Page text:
Founding of Columbus

The land that became the city of Columbus was obtained through the 1825 Treaty of Indian Springs, in which the Creeks relinquished claim to their remaining lands in Georgia. In December 1827, the Georgia legislature passed an act establishing the planned city of Columbus at the falls of the Chattahoochee. At the time the only American settlement in the area was around a tavern and Chattahoochee River ferry operated by the Kennard family. Five commissioners were chosen to select an appropriate 1,200-acre site for the town of Columbus: Ignatius Few, Elias Beall, Philip H. Alston, James Hallam, and E.L. deGraffenried.

  • “Embryo Town of Columbus on the Chatahoochie”
    from Forty Etchings, From Sketches Made with the Camera Lucida, in North America, in 1827 and 1828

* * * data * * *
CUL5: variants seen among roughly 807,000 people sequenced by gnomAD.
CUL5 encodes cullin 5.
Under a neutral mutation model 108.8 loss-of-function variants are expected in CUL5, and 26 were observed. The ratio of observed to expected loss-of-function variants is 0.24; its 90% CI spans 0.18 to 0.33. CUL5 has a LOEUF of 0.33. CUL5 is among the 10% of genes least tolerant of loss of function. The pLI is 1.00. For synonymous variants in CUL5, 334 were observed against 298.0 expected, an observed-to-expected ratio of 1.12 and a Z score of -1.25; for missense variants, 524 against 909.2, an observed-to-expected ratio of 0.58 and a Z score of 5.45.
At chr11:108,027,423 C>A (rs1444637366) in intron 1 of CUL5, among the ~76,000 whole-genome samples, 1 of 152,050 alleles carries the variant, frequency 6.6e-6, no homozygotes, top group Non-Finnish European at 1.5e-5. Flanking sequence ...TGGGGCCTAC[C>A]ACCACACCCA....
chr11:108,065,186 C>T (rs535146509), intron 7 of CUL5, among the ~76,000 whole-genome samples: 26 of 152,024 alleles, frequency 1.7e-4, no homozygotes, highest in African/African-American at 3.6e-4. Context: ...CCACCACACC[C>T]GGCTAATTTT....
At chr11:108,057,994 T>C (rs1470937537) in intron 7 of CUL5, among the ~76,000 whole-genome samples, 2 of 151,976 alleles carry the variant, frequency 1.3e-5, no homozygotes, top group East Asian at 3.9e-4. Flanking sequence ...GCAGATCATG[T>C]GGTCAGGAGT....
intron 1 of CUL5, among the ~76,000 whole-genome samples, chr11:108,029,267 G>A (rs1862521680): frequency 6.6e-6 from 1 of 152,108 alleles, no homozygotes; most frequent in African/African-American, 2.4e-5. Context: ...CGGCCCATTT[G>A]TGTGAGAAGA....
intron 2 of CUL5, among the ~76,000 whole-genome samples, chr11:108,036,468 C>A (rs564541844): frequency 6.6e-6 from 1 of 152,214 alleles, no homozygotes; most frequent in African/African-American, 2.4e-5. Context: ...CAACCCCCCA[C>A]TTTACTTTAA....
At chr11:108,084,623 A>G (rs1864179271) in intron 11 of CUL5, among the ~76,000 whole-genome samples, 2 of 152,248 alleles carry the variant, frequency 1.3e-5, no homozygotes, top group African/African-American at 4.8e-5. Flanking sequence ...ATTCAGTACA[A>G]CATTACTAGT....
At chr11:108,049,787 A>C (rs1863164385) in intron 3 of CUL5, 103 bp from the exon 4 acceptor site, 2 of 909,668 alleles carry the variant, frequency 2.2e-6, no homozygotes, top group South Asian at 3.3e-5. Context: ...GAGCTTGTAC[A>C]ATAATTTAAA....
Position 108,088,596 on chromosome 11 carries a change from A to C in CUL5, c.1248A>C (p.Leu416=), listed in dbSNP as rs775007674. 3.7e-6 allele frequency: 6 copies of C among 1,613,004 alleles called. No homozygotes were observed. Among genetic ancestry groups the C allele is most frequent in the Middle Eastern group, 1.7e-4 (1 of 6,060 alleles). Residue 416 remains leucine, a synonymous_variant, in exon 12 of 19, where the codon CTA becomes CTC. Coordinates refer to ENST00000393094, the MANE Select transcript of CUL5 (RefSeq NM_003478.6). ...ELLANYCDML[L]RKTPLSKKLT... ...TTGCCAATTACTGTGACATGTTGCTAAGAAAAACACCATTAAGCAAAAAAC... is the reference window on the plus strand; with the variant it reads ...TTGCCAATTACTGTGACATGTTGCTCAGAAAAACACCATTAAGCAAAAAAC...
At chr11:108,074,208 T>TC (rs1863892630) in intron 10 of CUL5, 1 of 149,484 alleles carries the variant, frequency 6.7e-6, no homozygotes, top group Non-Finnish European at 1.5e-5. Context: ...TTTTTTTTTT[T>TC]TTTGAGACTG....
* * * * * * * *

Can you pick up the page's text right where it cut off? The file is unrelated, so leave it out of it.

1829
    etchings on paper
    Basil Hall
    born Edinburgh, Scotland 1788
    died Portsmouth, England 1844
    Museum purchase made possible by the Evelyn S. and H. Wayne Patterson Fund 2007.14 Click here for more information

  • Saucer transferware
    ca. 1830
    Museum purchase made possible by the Evelyn S. and H. Wayne Patterson Fund 2010.7

    This transferware saucer features a decoration based on Basil Hall’s image of downtown Columbus shortly after its founding. Click here for more information

  • Map of Georgia
    1827
    Anthony Finley
    Gift of Nancy M. Lanham 2005.60

    This map includes Columbus in its first year of existence as well as the frontier community of Fort Mitchell, just south of present-day Phenix City. Click here for more information


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